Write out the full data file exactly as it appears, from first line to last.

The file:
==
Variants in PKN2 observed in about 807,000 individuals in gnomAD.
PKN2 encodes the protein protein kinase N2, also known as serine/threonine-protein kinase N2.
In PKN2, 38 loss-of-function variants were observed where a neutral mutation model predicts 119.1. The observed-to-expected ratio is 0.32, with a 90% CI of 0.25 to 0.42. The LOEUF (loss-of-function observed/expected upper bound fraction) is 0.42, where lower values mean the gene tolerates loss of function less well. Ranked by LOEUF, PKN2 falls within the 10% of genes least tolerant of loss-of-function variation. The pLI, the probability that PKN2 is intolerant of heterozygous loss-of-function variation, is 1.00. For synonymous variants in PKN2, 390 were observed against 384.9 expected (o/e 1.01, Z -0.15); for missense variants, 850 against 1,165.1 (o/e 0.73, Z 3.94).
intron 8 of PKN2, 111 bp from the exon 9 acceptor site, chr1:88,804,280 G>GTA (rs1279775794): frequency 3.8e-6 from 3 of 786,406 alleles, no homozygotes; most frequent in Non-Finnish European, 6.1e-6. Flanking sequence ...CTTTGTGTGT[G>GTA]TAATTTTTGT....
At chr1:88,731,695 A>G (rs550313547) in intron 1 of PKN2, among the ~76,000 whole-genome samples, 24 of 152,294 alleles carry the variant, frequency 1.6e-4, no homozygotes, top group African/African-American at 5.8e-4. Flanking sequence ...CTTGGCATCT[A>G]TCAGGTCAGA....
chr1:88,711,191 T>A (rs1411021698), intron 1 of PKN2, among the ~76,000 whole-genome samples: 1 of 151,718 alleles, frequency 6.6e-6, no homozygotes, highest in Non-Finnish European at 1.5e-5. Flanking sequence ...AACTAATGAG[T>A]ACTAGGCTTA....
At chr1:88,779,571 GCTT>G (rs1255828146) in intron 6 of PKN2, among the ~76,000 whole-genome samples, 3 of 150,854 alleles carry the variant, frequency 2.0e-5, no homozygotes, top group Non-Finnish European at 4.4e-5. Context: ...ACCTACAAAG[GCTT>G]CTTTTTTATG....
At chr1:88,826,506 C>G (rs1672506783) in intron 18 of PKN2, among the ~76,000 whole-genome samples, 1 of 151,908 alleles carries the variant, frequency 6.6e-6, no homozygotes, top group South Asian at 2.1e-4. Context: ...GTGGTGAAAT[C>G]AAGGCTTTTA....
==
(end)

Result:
Variants in PKN2 observed in about 807,000 individuals in gnomAD.
PKN2 encodes the protein protein kinase N2, also known as serine/threonine-protein kinase N2.
In PKN2, 38 loss-of-function variants were observed where a neutral mutation model predicts 119.1. The observed-to-expected ratio is 0.32, with a 90% CI of 0.25 to 0.42. The LOEUF (loss-of-function observed/expected upper bound fraction) is 0.42, where lower values mean the gene tolerates loss of function less well. Ranked by LOEUF, PKN2 falls within the 10% of genes least tolerant of loss-of-function variation. The pLI, the probability that PKN2 is intolerant of heterozygous loss-of-function variation, is 1.00. For synonymous variants in PKN2, 390 were observed against 384.9 expected (o/e 1.01, Z -0.15); for missense variants, 850 against 1,165.1 (o/e 0.73, Z 3.94).
intron 8 of PKN2, 111 bp from the exon 9 acceptor site, chr1:88,804,280 G>GTA (rs1279775794): frequency 3.8e-6 from 3 of 786,406 alleles, no homozygotes; most frequent in Non-Finnish European, 6.1e-6. Flanking sequence ...CTTTGTGTGT[G>GTA]TAATTTTTGT....
At chr1:88,731,695 A>G (rs550313547) in intron 1 of PKN2, among the ~76,000 whole-genome samples, 24 of 152,294 alleles carry the variant, frequency 1.6e-4, no homozygotes, top group African/African-American at 5.8e-4. Flanking sequence ...CTTGGCATCT[A>G]TCAGGTCAGA....
chr1:88,711,191 T>A (rs1411021698), intron 1 of PKN2, among the ~76,000 whole-genome samples: 1 of 151,718 alleles, frequency 6.6e-6, no homozygotes, highest in Non-Finnish European at 1.5e-5. Flanking sequence ...AACTAATGAG[T>A]ACTAGGCTTA....
At chr1:88,779,571 GCTT>G (rs1255828146) in intron 6 of PKN2, among the ~76,000 whole-genome samples, 3 of 150,854 alleles carry the variant, frequency 2.0e-5, no homozygotes, top group Non-Finnish European at 4.4e-5. Context: ...ACCTACAAAG[GCTT>G]CTTTTTTATG....
At chr1:88,826,506 C>G (rs1672506783) in intron 18 of PKN2, among the ~76,000 whole-genome samples, 1 of 151,908 alleles carries the variant, frequency 6.6e-6, no homozygotes, top group South Asian at 2.1e-4. Context: ...GTGGTGAAAT[C>G]AAGGCTTTTA....